There has been a lot going on in board gaming this week. While this weekend has mostly been filled with happy faces of friends at PaxU, before the weekend the big thing people in the industry wanted to talk about was Kickstarter getting into blockchain technology. Honestly, we don’t really understand what Kickstarter’s intentions are with the move, as they seem pretty vague about what this transition to blockchain would solve, which isn’t helped that the white paper promised in the initial blog post hasn’t been published yet. We do hope creators who have been putting all their time and effort into a game or project won’t be a victim of the public’s backlash against Kickstarter’s plans in a time when it’s already incredibly hard to get a game made and into the hands of gamers.


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Een bericht gedeeld door Semi Co-op (@semicoop)

Speaking of games in our hands, this week we held a lot of them! We played Biblios and My City for the first time in months and really enjoyed both but the one new thing we played was Jekyll vs. Hyde. This is a two-player trick-taking game that has a great twist. One player plays Dr. Jekyll which will not try to win as many tricks as possible but keep the number of tricks won between Jekyll and Hyde as close as possible. This means winning tricks is no longer the point because keeping the scores close is the only thing that will slow down the transformation from Dr. Jekyll to Mr. Hyde. Mr. Hyde on the other hand will try to win or lose all the tricks so the difference is scores the be as big as possible. It really changes the dynamic of trick-taking which resulted in really easy wins for the Mr. Hyde player the first few times we played it. We really liked it and we’re curious to see how long it will take for our brain to adapt to this different way of playing.

Another thing we played again was Sleeping Gods and while we love the game, we hate setting it up. The setup is so long and involves so many steps it’s really taking away from our enjoyment of the game, so we’ll be looking for an insert or other means or organisation for the game so we don’t feel mentally drained every time we’re ready to play. If you have any tips, let us know!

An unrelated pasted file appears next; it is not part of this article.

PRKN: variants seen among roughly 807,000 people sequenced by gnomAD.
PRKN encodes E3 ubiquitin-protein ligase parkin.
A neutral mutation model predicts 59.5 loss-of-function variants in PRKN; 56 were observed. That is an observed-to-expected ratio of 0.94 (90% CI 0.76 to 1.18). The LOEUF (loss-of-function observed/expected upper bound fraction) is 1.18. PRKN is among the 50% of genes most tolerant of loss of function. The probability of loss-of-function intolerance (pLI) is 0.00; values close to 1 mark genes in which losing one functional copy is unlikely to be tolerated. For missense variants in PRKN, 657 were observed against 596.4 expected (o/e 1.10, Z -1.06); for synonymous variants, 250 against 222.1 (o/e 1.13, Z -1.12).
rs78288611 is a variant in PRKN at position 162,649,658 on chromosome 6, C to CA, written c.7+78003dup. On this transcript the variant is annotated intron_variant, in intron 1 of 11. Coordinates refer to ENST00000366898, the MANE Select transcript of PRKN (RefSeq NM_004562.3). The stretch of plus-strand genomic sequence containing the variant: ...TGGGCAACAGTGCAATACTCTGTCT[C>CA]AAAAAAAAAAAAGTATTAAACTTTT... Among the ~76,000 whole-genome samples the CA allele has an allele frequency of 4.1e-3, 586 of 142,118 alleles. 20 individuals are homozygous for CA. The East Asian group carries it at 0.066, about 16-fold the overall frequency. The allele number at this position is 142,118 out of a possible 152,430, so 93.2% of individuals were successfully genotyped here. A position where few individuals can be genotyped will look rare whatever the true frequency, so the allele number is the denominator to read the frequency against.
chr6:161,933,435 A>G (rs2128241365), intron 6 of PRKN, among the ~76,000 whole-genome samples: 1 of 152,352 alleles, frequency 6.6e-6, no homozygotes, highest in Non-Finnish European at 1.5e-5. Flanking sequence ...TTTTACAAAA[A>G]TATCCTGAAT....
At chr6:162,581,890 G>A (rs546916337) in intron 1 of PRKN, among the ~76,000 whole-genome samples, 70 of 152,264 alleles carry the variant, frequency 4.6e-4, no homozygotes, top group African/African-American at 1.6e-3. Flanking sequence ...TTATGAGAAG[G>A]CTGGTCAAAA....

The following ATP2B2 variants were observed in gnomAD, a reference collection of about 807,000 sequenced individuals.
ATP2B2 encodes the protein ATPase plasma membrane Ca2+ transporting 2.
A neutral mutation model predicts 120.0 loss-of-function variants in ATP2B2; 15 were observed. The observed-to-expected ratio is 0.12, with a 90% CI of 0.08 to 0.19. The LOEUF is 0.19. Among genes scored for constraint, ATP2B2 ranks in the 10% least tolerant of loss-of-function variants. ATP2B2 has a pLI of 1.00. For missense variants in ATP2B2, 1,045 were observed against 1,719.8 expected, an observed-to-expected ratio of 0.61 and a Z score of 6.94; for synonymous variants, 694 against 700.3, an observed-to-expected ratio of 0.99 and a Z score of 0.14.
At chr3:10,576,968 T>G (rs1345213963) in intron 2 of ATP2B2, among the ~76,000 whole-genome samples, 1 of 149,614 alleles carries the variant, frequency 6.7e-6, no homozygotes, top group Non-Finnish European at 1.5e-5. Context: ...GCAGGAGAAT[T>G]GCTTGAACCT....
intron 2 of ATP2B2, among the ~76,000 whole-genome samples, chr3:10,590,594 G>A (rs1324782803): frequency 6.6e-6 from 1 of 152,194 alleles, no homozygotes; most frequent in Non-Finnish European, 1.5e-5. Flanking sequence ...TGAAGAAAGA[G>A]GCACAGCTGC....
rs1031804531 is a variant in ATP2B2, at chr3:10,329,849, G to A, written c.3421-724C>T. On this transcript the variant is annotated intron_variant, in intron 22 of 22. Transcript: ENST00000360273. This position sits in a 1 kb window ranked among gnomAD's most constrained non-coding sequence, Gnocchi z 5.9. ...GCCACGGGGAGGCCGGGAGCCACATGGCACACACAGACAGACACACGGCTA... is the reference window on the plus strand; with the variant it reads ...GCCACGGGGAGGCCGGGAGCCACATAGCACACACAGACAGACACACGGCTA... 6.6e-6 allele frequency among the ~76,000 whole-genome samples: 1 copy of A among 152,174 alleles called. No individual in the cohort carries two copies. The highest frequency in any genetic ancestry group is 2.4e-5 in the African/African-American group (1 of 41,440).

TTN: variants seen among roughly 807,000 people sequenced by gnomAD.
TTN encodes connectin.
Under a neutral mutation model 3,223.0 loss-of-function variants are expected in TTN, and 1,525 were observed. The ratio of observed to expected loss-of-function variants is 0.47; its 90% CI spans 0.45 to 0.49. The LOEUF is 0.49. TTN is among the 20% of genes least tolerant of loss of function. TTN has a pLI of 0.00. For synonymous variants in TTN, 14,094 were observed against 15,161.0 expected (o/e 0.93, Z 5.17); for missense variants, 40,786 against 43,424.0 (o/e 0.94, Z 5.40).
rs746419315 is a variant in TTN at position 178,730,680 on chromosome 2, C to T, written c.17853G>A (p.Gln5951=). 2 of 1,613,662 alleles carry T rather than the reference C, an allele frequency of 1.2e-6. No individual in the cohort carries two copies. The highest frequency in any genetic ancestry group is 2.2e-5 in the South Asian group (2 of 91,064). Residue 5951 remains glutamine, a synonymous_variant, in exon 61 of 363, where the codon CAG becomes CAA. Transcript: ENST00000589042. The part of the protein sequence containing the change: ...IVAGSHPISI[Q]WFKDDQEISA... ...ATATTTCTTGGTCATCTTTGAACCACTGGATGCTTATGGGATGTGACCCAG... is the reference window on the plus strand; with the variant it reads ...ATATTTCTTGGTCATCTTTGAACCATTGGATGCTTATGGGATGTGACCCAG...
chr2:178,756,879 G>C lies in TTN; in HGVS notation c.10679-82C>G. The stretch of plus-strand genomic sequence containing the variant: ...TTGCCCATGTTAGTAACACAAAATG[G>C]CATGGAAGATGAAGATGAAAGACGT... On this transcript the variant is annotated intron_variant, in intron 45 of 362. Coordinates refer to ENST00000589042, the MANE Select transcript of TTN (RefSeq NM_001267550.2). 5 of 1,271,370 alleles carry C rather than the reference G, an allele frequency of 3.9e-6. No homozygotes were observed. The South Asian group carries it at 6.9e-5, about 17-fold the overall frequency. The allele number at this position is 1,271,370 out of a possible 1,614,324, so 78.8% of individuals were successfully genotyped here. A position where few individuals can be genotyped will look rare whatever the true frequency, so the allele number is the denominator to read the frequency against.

This week we also received several other games which we can’t wait to play. Osprey was kind enough to send us Undaunted: Reinforments, which we did a comic about and Brian Boru which is the new game by Peer Sylvester, which we think has designed some pretty fantastic games. We also got the aforementioned Jekyll vs Hyde and 50 Clues: The Pendulum of the Dead from Geronimo Games. The Pendulum of the Dead is a pretty dark escape room type game,  so we’re very curious if that is our cup of tea and if (we think) they’ve handled the subject matter well. Lastly, our Kickstart pledge for the Tiny Libary came in, it’s a deck of cards that are all micro roleplaying games. We already spotted some fun ones like The Lion’s court.

Have you ever backed a game on a Kickstarter competitor like Gamefound?

I’ve backed one game on Gamefound and two on Kickstarter. One of the Kickstarter ones did it’s fulfillment through Gamefound, which is how I found the other one. Given the choice, I’d pick the service that doesn’t use crypto, but I wouldn’t withdraw support when it’s not the game creator’s fault. Same reason I use KoFi over Patreon when it’s available (and when Stripe is enabled).

Backed Eleven on Gamefound. Have a couple of other games being fulfilled through there, and the interface seems decent enough. Embracing crypto seems a bit iffy for something like Kickstarter, where projects have to deal with refund issues, and crypto currencies sure seem to float in value. Throw in the issue of the power generation required to support blockchain & crypto currency and this seems less good all the time.

Heinze, my group plays Sleeping Gods and we’ve gotten the set-up/put-away down to a science. It only takes about 5 minutes. I did it for cheap too with containers similar to this: They come in different sizes.
The game comes with three boxes, plus the card library case, and a small tuck box to put completed quests. In the smaller of the three boxes, I bought those cases in a size that fits and put bits and pieces in them separated by types. I also store all the equipment cards, ability cards, and level cards in this box that are in use by the group. In the medium box, I have several more of those containers in a larger size to fit the box. More bits such as the coins, damage tokens, resources, etc. The larger box has all the player boards, monster cards, and any other items I didn’t fit in the other boxes.
When we finish a session, each player takes a picture of their player area (board, cards, damage and conditions, etc.) One person also takes a pictures of the map with ship location and any other items on the map, the Captain’s board, ship board, and all the quest and equipment cards, including which ones have tokens on them. Then we put everything away in the little containers with the rest of those bits, and all the supplies the group has gathered, along with the ship and crew meeple, captain token, etc, go into one container so it’s easy to keep track of.
When we play, I open the boxes, set all the containers on the table open, hand out player boards, place the map and ship board, then each player uses the pictures they took to “restore” the save-state of their characters.
Hope that helps, and that you can quickly set up and play Sleeping Gods!

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